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The Marylhurst classroom, from which Ponteri skyped with Nola Studiola

NS: Sort of out of nowhere, there’s a passage in Wedlocked about the 11th century warrior Bohemond:

Late in the 11th century Bohemond led an army of leather-clad crusaders into Constantinople . He’d rape and kill women and girls in front of their husbands and fathers . The young boys, he’d castrate – tying their genitalia around their father ’s faces like kerchiefs . Half a head taller than most men, he was built like a stone hauler, but what terrified people the most was his sickly urine-yellow hair and pasty skin . After Constantinople fell, Bohe- mond invented a game in which crusaders stood atop the town wall and lobbed dead Turks to the ground where his challengers stood with swords raised . Human skewers . Even the most bar- barous crusader could barely hold a single dead Turk . Bohemond would skewer three, sometimes four, lifting them to the sky, to his Creator, not as an offering but as evidence of a world turned upside down . Three hundred years later Saint Louis, shame- ridden, taunted by his mother’s oblique piety, endless disapproval bunching her bloated face in his thoughts, wore into battle underneath his armor a hair shirt made of sharp wire . I’m the youngest of three boys . Had I lived in the middle ages, dad would’ve either killed me or sent me to a monastery for study and silence . One can kill the same person over and over again.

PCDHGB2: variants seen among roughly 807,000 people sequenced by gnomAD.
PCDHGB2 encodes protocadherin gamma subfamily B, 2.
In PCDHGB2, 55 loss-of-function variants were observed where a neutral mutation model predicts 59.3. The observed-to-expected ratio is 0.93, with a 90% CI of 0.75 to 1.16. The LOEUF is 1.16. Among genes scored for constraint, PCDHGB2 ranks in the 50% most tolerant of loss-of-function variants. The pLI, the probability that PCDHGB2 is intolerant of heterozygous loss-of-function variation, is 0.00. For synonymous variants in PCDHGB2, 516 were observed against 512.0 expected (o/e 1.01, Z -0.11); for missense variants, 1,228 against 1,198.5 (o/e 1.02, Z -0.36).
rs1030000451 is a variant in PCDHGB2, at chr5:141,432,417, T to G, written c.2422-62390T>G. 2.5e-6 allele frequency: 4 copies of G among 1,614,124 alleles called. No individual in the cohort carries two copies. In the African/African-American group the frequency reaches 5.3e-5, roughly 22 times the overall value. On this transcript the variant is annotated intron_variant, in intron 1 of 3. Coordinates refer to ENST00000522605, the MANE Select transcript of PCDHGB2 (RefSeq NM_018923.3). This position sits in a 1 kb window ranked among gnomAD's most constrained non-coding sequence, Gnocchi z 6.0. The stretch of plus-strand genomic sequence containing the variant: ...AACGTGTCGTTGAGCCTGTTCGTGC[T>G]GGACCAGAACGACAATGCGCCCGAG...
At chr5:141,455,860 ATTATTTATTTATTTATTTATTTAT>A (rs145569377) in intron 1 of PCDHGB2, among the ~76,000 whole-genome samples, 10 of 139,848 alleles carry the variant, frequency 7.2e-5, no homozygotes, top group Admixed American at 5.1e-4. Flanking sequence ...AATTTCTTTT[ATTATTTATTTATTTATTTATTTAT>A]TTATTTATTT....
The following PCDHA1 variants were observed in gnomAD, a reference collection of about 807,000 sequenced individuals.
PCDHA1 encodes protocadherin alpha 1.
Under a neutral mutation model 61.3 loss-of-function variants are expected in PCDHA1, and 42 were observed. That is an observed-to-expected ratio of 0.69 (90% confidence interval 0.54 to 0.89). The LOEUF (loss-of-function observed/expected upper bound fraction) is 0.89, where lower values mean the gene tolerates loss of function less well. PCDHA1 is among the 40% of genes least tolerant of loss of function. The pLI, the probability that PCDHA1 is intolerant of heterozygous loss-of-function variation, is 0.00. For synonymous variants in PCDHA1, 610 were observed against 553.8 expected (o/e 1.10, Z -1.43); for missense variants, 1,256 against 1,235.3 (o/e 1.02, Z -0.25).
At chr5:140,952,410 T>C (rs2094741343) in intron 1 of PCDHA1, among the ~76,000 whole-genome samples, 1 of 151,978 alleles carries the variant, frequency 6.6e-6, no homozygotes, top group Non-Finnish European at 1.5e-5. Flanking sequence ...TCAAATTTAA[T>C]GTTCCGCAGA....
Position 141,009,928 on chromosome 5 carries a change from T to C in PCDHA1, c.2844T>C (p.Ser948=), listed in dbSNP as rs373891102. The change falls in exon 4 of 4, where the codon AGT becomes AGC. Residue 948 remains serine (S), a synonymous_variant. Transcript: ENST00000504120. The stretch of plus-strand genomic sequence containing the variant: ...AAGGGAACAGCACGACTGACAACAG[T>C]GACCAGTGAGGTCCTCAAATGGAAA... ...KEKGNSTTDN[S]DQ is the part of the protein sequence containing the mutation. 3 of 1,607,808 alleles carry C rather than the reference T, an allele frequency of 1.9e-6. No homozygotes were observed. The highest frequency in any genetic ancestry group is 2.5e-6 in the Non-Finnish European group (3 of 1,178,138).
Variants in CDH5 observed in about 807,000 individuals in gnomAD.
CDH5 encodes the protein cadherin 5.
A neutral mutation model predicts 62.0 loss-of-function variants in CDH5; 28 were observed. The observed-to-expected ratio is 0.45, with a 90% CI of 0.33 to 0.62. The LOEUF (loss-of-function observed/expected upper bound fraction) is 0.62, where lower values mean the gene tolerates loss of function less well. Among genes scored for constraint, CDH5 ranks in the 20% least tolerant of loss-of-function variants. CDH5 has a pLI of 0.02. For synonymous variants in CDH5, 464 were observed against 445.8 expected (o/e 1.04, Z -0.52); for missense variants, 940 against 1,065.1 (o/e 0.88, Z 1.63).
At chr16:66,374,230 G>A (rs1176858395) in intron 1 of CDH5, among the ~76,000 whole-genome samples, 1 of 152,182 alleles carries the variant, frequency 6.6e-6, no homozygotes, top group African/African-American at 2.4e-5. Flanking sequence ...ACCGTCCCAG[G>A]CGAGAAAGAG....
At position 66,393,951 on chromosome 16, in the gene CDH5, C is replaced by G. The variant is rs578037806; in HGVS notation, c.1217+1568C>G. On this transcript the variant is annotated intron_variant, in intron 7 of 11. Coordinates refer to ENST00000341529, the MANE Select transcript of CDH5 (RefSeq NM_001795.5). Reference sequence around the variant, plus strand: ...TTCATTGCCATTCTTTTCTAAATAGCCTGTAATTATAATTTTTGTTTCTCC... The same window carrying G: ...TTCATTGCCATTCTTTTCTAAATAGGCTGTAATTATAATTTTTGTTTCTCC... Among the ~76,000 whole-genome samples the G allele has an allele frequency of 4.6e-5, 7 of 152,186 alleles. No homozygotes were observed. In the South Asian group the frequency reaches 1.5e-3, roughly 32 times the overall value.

How did that appear in your writing process of Wedlocked?

JP: I’m a messy messy writer on purpose. Not at the sentence level but at other levels, like arrangement, paragraphing. And sometimes I do try to essay about what seems like disparate points in my work, e.g., my wife’s paintings and my hurting her, while other times, I let this disparate points form beautiful gaps, like the medieval history sections / motifs, e.g., St. Louis, Bohemond, the game of shinnies, the image of the youngest boy being killed off or sent to monastery. Those sections are about male shame, about the male self diminishing the male self, about seeing himself in the shadow of the older men in his family. It’s a terrible thing to beat up on oneself. It seems like very contemporary violence to me, if that makes any sense. The female version of this is Chelsey Minnis’s Poemland (Wave Books). But yes, this book is about being a failed son as much as it is about being a failed husband. I am and am not my father, and my son is and is not me.”